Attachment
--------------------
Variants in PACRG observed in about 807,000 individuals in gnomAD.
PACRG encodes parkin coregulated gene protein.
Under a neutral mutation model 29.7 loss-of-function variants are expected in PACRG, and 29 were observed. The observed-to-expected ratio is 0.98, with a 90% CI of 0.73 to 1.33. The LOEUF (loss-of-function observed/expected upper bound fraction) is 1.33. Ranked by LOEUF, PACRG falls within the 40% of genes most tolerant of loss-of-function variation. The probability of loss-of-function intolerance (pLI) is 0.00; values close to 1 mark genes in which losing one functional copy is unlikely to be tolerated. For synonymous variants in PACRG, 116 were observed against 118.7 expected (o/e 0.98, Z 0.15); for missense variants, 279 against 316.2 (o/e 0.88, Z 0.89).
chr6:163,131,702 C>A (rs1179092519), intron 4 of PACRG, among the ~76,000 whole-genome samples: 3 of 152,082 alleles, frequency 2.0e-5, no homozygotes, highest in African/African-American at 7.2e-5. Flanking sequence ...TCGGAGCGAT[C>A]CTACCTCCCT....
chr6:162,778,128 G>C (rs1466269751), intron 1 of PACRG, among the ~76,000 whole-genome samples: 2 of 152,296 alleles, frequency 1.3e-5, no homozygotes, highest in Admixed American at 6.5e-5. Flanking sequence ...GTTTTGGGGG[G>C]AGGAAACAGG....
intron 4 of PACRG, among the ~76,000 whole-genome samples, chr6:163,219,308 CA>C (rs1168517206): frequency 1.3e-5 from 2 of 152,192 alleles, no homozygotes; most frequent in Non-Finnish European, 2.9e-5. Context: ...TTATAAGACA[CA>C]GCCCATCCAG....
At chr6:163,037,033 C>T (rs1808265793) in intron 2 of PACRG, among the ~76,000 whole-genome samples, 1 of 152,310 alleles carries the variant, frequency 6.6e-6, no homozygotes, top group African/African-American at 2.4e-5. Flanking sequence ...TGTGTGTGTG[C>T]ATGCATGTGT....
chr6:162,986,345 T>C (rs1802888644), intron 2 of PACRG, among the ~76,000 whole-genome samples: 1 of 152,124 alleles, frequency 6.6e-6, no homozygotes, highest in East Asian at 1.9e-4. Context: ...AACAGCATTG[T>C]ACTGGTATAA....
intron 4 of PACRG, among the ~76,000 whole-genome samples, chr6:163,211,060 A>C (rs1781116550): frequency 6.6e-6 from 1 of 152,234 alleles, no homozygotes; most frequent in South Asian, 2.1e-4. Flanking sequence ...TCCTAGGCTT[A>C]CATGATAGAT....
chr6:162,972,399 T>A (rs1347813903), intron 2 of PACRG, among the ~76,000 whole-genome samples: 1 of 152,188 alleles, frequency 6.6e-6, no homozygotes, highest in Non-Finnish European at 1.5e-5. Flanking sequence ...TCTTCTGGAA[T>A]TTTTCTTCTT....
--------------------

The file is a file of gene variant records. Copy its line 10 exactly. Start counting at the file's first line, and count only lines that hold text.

chr6:162,972,399 T>A (rs1347813903), intron 2 of PACRG, among the ~76,000 whole-genome samples: 1 of 152,188 alleles, frequency 6.6e-6, no homozygotes, highest in Non-Finnish European at 1.5e-5. Flanking sequence ...TCTTCTGGAA[T>A]TTTTCTTCTT....